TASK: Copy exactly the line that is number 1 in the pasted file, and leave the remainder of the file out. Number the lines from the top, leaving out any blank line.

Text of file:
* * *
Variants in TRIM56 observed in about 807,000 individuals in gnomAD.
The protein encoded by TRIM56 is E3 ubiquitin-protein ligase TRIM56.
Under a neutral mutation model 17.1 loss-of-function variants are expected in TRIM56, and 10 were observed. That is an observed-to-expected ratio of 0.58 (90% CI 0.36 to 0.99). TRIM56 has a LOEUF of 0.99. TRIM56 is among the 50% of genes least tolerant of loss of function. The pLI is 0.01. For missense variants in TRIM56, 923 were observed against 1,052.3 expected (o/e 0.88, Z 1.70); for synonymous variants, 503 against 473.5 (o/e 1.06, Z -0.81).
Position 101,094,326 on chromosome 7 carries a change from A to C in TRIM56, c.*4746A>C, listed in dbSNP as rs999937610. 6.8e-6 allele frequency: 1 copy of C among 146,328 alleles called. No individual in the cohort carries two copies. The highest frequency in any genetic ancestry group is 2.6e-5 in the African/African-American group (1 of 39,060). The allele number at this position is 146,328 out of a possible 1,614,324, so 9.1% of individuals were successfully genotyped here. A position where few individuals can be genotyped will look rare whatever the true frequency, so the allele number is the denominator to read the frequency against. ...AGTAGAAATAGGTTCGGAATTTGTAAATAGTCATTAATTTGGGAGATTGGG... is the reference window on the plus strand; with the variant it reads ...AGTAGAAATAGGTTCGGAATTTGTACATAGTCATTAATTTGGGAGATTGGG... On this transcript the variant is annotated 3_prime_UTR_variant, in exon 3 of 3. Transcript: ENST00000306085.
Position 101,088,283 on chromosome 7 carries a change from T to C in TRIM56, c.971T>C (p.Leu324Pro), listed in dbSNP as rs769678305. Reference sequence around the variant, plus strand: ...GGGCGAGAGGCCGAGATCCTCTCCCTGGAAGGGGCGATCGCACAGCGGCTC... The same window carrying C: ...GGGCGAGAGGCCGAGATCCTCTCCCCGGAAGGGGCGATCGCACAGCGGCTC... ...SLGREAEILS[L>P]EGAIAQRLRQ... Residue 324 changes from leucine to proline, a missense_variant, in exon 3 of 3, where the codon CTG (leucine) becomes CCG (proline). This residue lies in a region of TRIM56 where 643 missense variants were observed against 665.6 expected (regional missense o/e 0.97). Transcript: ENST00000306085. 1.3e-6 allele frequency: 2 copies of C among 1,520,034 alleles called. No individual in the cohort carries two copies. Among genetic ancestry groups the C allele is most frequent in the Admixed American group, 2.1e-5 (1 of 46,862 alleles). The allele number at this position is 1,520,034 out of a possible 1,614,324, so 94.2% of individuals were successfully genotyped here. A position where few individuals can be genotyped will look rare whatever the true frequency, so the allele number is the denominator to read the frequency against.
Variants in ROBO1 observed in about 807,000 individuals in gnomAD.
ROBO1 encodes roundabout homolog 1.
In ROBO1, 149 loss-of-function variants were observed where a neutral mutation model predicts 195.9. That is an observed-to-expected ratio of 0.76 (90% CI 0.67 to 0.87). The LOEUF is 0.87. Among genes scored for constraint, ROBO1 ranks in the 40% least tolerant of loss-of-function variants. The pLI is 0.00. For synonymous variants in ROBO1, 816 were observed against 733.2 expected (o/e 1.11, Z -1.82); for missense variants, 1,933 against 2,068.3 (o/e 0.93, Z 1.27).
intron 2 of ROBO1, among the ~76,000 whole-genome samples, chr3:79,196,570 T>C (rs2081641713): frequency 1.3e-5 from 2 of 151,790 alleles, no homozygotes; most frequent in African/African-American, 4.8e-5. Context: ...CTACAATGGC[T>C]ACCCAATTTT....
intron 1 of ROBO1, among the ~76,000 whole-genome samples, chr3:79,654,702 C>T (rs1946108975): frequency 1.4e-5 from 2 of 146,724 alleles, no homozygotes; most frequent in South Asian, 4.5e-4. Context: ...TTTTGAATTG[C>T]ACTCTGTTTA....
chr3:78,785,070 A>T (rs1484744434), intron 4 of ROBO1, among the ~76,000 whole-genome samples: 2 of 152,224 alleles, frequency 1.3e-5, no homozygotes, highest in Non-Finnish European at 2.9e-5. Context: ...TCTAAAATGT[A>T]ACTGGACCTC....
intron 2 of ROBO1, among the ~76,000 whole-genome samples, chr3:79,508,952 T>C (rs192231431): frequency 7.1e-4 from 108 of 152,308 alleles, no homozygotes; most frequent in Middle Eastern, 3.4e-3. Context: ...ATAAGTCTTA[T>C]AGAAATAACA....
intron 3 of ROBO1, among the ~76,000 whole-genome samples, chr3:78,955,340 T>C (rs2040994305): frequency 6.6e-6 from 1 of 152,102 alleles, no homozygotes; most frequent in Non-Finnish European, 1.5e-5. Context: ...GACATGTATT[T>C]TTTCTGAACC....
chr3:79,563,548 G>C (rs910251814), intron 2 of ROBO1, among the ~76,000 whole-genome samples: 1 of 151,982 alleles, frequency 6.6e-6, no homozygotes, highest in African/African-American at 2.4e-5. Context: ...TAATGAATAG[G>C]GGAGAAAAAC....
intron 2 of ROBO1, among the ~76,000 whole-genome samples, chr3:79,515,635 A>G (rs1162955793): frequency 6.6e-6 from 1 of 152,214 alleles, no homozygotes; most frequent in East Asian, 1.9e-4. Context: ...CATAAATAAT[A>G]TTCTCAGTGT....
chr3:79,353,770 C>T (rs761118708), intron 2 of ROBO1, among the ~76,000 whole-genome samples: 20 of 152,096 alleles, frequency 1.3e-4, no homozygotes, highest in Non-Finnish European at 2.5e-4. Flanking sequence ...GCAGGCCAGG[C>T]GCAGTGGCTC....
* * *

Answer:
Variants in TRIM56 observed in about 807,000 individuals in gnomAD.